Similar in both size and concept to the aforementioned Taycan, the e-tron GT (Gran Turismo) is based on the same J1 platform, and is set to have the same 800 volt electronic architecture as the all-conquering Stuttgart Bahnstormer. It caught headlines and much attention two years ago at the LA Auto Show when it seemed all but ready to drive, but two years' further development and several other e-tron models later, Audi is finally preparing to launch.
In a pre-launch preview release from Ingolstadt, Audi has announced that the brand's first fully electric car to be built in Germany will start rolling off the production line at Audi Böllinger Höfe at the Neckarsulm site before the end of the year. For reference, that's the plant where the R8 is manufactured, and Audi is playing heavily on the lengths it has gone to in blending 'traditional craftsmanship' with digital process and new, smart technologies.
For example, the working procedures on the production line, and associated logistics practices, were tested using VR technology. In fact, in a first for the brand the overall production of the e-tron GT was designed without physical prototypes – which is both impressive and potentially problematic if the software was in some way out of kilter.
But this is Audi, so we doubt there will be issues.
Processes that are already applied to the R8 will also be applied to the e-tron GT, ensuring that whether a human or robotic process, everything is essentially perfect. And if it's not, it will be picked up upon. “With the integration of the Audi R8 and Audi e-tron GT, a unique combination of craftsmanship and smart factory technology is coming to life at Böllinger Höfe,” says Production Head Wolfgang Schanz. “I am especially proud of the passion and spirit of our team.”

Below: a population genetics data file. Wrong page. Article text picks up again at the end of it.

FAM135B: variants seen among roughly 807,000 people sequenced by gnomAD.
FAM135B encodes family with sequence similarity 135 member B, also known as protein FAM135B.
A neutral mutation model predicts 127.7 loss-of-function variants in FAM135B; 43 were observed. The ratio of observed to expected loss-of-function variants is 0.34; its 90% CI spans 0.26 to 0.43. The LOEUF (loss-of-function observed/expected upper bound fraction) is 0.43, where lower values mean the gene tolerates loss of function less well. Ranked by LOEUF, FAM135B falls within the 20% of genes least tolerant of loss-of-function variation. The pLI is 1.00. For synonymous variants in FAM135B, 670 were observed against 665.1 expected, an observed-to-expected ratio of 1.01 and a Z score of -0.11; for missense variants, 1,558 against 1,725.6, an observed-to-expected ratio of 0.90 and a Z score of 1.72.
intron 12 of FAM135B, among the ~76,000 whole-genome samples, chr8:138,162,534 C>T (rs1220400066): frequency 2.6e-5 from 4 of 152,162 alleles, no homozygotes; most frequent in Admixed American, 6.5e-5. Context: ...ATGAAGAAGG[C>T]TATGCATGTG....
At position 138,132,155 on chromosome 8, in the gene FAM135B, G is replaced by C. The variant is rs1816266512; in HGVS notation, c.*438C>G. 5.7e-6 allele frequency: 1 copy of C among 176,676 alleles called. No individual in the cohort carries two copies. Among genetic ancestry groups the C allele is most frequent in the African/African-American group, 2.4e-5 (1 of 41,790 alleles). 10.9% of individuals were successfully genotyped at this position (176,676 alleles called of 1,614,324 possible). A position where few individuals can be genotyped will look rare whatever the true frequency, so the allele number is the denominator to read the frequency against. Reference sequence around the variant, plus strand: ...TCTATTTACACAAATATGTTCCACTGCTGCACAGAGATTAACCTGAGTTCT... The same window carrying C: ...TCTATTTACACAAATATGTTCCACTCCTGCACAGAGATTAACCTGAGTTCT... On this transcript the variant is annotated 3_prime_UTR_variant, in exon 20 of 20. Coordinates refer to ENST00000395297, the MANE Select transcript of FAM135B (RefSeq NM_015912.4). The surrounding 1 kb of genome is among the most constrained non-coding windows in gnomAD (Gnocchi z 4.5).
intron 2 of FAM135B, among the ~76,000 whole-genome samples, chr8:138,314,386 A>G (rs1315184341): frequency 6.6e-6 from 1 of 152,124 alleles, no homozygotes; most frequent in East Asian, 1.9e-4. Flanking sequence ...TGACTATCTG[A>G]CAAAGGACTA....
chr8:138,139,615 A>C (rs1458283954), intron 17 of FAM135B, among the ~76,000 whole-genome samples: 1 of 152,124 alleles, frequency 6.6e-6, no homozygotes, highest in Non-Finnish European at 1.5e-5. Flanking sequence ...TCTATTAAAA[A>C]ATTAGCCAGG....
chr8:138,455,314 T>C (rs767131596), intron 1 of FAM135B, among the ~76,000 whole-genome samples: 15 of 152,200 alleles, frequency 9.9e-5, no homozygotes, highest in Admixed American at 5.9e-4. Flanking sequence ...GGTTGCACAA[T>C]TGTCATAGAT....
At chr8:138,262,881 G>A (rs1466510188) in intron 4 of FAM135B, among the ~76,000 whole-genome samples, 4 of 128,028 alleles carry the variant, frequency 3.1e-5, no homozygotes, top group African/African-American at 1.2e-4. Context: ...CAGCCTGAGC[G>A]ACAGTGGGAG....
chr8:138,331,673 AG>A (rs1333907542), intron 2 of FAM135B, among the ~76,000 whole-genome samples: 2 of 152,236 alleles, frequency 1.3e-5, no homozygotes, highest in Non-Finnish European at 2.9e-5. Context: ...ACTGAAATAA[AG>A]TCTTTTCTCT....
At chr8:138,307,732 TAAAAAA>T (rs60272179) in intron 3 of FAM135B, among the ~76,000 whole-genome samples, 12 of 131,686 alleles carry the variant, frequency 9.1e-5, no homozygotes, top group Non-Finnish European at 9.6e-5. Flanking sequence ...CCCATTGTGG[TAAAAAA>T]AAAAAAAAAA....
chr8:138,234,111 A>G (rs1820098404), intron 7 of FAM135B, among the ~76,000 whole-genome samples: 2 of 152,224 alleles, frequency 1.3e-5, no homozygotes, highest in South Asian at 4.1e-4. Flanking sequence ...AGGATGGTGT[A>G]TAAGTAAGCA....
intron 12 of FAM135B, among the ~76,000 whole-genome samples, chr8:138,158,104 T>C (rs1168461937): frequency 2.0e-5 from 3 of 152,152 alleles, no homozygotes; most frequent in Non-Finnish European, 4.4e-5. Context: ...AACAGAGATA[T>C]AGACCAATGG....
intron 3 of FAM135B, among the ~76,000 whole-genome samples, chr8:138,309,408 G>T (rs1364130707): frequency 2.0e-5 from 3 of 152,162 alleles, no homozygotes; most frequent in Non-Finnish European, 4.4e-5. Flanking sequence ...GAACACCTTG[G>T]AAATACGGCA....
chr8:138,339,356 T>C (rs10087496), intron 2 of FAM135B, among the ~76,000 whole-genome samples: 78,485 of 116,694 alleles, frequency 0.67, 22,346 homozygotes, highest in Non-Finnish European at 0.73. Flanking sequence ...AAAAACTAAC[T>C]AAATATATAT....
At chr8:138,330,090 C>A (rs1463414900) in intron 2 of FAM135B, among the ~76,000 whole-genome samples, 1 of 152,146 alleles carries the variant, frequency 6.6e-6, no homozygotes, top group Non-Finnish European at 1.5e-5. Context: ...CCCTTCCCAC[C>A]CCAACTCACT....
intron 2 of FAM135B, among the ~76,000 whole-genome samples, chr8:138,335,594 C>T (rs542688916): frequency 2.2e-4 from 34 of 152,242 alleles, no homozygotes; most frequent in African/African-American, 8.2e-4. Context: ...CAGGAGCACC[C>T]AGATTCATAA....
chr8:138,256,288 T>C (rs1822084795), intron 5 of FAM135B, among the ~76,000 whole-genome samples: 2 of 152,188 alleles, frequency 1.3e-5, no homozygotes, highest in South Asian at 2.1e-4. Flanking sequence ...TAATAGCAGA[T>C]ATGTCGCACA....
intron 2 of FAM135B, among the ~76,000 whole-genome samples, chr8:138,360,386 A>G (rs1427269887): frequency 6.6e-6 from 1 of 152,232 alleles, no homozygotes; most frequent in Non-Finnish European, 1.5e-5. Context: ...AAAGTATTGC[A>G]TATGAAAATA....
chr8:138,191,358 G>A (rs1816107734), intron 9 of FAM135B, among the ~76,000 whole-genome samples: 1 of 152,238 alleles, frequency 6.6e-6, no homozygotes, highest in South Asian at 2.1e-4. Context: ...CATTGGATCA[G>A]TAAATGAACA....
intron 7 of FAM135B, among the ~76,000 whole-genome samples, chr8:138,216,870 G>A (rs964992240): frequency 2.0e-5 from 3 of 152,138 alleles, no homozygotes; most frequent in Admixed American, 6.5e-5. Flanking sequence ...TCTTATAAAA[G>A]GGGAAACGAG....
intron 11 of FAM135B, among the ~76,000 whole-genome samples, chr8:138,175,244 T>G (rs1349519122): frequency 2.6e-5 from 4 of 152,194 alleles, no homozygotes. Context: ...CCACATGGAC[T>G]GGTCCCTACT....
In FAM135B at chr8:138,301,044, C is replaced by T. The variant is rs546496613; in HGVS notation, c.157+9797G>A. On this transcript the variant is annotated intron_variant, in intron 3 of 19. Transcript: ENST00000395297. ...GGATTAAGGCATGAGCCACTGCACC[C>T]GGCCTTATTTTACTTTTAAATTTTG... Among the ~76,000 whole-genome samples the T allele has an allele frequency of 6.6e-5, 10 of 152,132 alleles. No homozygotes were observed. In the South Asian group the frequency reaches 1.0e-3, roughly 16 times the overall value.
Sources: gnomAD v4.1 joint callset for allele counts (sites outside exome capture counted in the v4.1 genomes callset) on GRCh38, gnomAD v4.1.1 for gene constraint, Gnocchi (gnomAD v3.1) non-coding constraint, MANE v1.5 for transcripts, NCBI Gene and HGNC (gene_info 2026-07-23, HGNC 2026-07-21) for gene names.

Given an EV's inherent lack of noise, Audi is making much of the artificial sounds that have been specially created for it to replace the V8 thrum a flagship car like this might once have had. Two sound engineers, Rudolf Halbmier and Stephan Gsell, have created a distinct, progressive sound using computer, a sound laboratory, within the moving car and – crucially – using customer studies for the e-tron GT.
The regulation acoustic vehicle alerting system (AVAS) to deter unwary pedestrians from making a mess of the highly crafted front end of the car has also been developed using a similarly exacting process. An optional rear AVAS speaker should mean that reversing into people and things is less likely, too.
Not a huge amount about the car that will be entering production in the next couple of months. Those facts and figures will emerge when Audi officially launches the car. However, there was a fairly complete set of stats around the 2018 concept, and these are likely a good indication of what will be launched.
Power for the e-tron GT concept was 582bhp, sent to all four wheels via an electric motor on each axle. Audi estimated the 0-62mph time to be 3.5 seconds and the 0-124 time in just over 12 seconds, with a regulated top speed of 149mph. A battery storing 'more than' 90kWh would enable the car to drive for around 250 miles on a charge. These figures are more-or-less in line with the Porsche Taycan Turbo.
Audi has hinted in the past that it would follow the regular GT with an RS version, promising more power and performance, albeit likely with a reduced range. You can bet that its vitals will be similar to that of the Taycan Turbo S. Unfortunately we will have to wait just a little longer to find out exactly what the Audi has up its sleeve.